## Cylindrical Shells

Consider rotating the region between the curve

[y = x^2, onumber]

the line

[x = 2, onumber]

and the x-axis about the y-axis.

If instead of taking a cross section perpendicular to the y-axis, we take a cross section perpendicular to the x-axis, and revolve it about the y-axis, we get a cylinder. Recall that the area of a cylinder is given by:

[ A = 2pi r h onumber]

where (r) is the radius of the cylinder and (h) is the height of the cylinder. We can see that the radius is the x coordinate of the point on the curve, and the height is the y coordinate of the curve. Hence

[A(x) = 2pi xy = 2pi x(x^2). onumber]

Therefore the volume is given by

[ egin{align*} ext{Volume} &= 2pi int_{0}^{1} x^3 dx &= dfrac{pi}{2}. end{align*} ]

Example 1

Find the volume of revolution of the region bounded by the curves

- (y = x^2 + 2)
- (y = x + 4)
- and the y-axis

about the y-axis.

**Solution**

We draw the picture with a cross section perpendicular to the x-axis.

The radius of the cylinder is (x) and the height is the difference of the (y) coordinates:

[h = (x + 4) - (x^2 + 2). onumber]

We solve for (b).

[egin{align*} (x+4)&=(x^2+2) x^2-x-2&=0 (x-2)(x+1)&=0 end{align*} ]

So that (b = 2). Hence the volume is equal to

[egin{align*} 2 pi int_{0}^{2} ig[ (x+4) -(x^2+2) ig] dx &= 2 pi int_{0}^{2}(x^2+2x-x^3) dx &= 2 pi left(dfrac{x^3}{3}+x^2-dfrac{x^4}{4} ight]_{0}^{2} &= 2 pi Big( dfrac{8}{3}+4 -4 Big) &= dfrac{16 pi}{3}. end{align*} ]

## Exercises

- (y=x^2-3x+2), (y=0 ) about the y-axis
- (y=x^2-7x+6), (y=0 ) about the y-axis
- (x=1-y^2 ), (x=0 ) (first quadrant) about the x-axis
- (y=xsqrt{1+x^3}), (y=0), (x=2 ) about the y-axis
- ((x-1)^2+y^2=1) about the y-axis
- (x^2+(y-1)^2=1) about the x-axis
- (y=x^2-2x+1), (y=1) about the line (x=3)

## Use cylindrical shells to find the volume of the solid generated when the region bounded by curves = 4 −

Sometimes finding the volume of a solid of revolution using the disk or washer method is difficult or impossible.

For example, consider the solid obtained by rotating the region bounded by the line

Solid obtained by rotating the region bounded by the cubic curve y=x^2-x^3 around the y-axis.

The cross section of the solid of revolution is a washer. However, in order to use the washer method, we need to convert the function

In such cases, we can use the different method for finding volume called the method of cylindrical shells. This method considers the solid as a series of concentric cylindrical shells wrapping the axis of revolution.

With the disk or washer methods, we integrate along the coordinate axis parallel to the axes of revolution. With the shell method, we integrate along the coordinate axis perpendicular to the axis of revolution.

## 1.3: Description of Strain in the Cylindrical Coordinate System

- Contributed by Tomasz Wierzbicki
- Professor (Mechanical Engineering) at Massachusetts Institute of Technology
- Sourced from MIT OpenCourseWare

In this section the strain-displacement relations will be derived in the cylindrical coordinate system ((r, heta, z)).

The polar coordinate system is a special case with (z = 0). The components of the displacement vector are (

Figure (PageIndex<1>): Rectangular and cylindrical coordinate system. Figure (PageIndex<2>): Change of length in the radial direction.

The radial strain is solely due to the presence of the displacement gradient in the (r)-direction

The circumferential strain has two components

The first component is the change of length due to radial displacement, and the second component is the change of length due to circumferential displacement.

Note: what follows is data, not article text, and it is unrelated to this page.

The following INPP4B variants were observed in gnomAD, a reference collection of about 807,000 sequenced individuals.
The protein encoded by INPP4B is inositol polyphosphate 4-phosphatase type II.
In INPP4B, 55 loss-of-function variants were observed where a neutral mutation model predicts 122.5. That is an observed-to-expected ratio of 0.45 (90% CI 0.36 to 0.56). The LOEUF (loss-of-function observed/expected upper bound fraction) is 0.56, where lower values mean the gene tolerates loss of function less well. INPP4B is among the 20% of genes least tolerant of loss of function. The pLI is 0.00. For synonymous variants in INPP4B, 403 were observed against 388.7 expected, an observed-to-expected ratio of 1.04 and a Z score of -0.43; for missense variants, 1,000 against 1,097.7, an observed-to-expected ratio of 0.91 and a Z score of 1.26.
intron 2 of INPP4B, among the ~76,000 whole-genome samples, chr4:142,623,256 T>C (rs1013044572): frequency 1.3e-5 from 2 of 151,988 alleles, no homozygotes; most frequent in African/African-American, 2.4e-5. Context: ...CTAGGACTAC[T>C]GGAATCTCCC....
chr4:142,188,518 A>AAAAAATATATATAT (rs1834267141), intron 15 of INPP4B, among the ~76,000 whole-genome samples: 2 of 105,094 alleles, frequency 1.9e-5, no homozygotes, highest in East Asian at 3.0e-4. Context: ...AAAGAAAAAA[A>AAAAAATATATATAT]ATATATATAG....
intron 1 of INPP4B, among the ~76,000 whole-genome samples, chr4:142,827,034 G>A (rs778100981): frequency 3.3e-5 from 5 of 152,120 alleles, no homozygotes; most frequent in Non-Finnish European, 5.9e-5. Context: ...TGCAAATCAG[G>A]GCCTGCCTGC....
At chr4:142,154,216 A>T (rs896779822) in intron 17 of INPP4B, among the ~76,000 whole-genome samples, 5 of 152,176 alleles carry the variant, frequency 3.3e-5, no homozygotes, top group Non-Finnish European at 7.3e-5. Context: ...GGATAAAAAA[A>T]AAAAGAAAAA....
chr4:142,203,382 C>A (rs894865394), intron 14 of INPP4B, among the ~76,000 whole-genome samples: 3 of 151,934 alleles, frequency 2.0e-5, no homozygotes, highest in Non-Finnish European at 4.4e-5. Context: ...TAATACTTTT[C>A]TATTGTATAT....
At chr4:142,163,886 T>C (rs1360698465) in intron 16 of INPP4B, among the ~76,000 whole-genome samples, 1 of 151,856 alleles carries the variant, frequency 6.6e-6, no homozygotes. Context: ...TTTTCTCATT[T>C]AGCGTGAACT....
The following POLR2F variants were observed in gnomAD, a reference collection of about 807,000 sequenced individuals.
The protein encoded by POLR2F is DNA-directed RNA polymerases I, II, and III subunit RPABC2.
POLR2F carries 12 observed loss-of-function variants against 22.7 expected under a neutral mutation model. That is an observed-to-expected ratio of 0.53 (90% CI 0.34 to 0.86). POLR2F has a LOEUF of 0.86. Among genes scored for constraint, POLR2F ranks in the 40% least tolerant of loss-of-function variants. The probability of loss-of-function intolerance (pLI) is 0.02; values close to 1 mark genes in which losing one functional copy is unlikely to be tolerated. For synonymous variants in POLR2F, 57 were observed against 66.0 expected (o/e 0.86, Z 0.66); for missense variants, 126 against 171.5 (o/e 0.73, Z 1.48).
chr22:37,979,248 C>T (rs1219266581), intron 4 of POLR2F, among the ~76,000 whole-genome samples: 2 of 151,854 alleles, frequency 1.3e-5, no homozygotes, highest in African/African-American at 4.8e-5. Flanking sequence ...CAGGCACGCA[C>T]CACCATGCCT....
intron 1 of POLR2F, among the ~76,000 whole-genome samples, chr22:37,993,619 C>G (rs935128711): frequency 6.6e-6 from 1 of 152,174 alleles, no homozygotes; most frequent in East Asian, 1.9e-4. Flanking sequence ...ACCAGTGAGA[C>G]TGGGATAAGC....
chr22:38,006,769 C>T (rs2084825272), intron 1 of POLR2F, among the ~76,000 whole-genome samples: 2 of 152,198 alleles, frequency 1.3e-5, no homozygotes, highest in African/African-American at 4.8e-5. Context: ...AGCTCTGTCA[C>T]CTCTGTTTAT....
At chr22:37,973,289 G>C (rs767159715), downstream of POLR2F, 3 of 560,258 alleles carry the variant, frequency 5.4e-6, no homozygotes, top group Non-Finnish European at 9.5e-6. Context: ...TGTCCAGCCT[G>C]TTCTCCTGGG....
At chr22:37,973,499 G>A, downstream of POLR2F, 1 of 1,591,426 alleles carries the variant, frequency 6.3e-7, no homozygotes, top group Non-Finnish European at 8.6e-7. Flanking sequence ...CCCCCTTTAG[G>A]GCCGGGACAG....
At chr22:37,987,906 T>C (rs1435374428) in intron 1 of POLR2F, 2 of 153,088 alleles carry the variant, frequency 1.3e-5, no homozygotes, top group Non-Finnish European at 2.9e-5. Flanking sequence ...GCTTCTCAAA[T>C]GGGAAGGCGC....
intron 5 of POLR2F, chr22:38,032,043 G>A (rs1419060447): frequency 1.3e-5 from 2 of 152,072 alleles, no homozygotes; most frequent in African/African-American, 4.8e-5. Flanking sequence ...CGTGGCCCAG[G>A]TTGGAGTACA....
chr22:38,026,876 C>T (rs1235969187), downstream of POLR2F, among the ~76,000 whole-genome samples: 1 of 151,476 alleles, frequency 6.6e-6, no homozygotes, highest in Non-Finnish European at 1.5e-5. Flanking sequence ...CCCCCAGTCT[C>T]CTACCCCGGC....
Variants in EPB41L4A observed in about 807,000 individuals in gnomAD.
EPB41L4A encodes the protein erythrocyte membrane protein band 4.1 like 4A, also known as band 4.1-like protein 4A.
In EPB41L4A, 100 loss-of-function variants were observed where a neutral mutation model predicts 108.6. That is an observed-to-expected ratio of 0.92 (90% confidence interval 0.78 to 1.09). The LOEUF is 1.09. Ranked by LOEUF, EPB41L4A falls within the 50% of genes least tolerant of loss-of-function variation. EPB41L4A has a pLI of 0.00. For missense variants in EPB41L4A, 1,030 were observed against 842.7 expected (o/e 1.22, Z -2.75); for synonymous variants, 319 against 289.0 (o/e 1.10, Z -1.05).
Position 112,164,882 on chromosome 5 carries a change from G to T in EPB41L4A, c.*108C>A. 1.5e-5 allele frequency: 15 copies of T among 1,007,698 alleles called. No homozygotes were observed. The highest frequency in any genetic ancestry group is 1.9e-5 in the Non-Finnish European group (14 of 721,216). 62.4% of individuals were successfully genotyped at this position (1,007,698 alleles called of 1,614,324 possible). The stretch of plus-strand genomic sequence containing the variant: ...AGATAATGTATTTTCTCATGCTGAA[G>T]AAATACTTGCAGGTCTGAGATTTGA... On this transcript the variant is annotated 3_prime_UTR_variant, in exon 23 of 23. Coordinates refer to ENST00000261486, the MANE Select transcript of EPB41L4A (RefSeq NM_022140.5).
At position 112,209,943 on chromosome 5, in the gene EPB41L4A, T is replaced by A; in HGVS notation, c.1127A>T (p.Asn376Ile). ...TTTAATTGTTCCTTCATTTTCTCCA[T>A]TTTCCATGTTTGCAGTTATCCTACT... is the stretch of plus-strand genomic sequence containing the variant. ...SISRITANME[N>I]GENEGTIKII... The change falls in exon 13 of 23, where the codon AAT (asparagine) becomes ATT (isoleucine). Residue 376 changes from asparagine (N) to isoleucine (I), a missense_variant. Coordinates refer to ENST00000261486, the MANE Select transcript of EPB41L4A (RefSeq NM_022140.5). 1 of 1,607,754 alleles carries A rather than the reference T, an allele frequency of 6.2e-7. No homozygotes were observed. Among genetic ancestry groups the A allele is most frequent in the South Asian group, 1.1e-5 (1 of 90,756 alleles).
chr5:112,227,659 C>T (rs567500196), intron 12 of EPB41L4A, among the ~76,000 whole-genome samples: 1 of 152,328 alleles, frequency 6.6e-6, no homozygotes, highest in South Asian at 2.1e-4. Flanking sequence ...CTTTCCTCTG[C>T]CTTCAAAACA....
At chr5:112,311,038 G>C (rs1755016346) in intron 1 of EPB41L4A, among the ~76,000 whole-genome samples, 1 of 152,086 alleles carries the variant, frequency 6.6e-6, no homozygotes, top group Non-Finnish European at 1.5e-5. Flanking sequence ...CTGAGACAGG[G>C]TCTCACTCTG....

From Figure ((PageIndex<3>)) the components (epsilon_< heta heta>^<(1)>) and (epsilon_< heta heta>^<(2)>) are calculated as

Figure (PageIndex<3>): Two deformation modes responsible for the circumferential (hoop) strain.

The total circumferential (hoop) component of the strain tensor is

The strain components in the (z)-direction is the same as in the rectangular coordinate system

The shear strain (epsilon_

Figure (PageIndex<4>): Construction that explains change of angles due to radial and circumferential displacement.

From Figure ((PageIndex<4>)) the shear strain over the (

On the (

Figure (PageIndex<5>): Change of angles are (

From the construction in Figure ((PageIndex<4>)), the component (epsilon_

Finally, a similar picture is valid on the (tangent) (

Figure (PageIndex<6>): Visualization of the strain component (epsilon_< heta z>).

The component (epsilon_< heta z>) of the strain tensor is one half of the change of angles, i.e.

To sum up the derivation, the six components of the infinitesimal strain tensor in the cylindrical coordinate system are

Considerable simplifications are obtained in the case of axial (rotational symmetry for which (u_ < heta>= 0) and (frac

The application of the above geometrical relations for axi-symmetric loading of circular plates and cylindrical shells will be given in subsequent chapters.

## Volumes by Cylindrical Shells Method

Let’s consider the problem of finding the volume of the solid obtained by rotating about the (x)-axis or parallel to (x)-axis the region, where the core idea of cylindrical shells method for finding volumes. If we slice perpendicular to the (y)-axis, we get a cylinder. But to compute the inner radius and the outer radius of the washer, we would have to solve the cubic equation for (x) in terms of (y). The method of cylindrical shells is being used for finding the volume in this case, that is easier to use in such a case. We can see a cylindrical shell with inner radius, outer radius, and height. Its volume is calculated by subtracting the volume of the inner cylinder from the volume of the outer cylinder.

### Worked Example of Finding a Volume by Cylindrical Shells Method

The diagram shows the graph of (displaystyle f(x) = frac

The area bounded by (y = f(x) ), the line (x = 1) and the (x)-axis is rotated about the line (x=1) to form a solid volume. Use the cylindrical shells method to find the volume of the solid.

(egin

delta V &= pi Big[(1-x + delta x)^2 – (1-x)^2 Big] imes y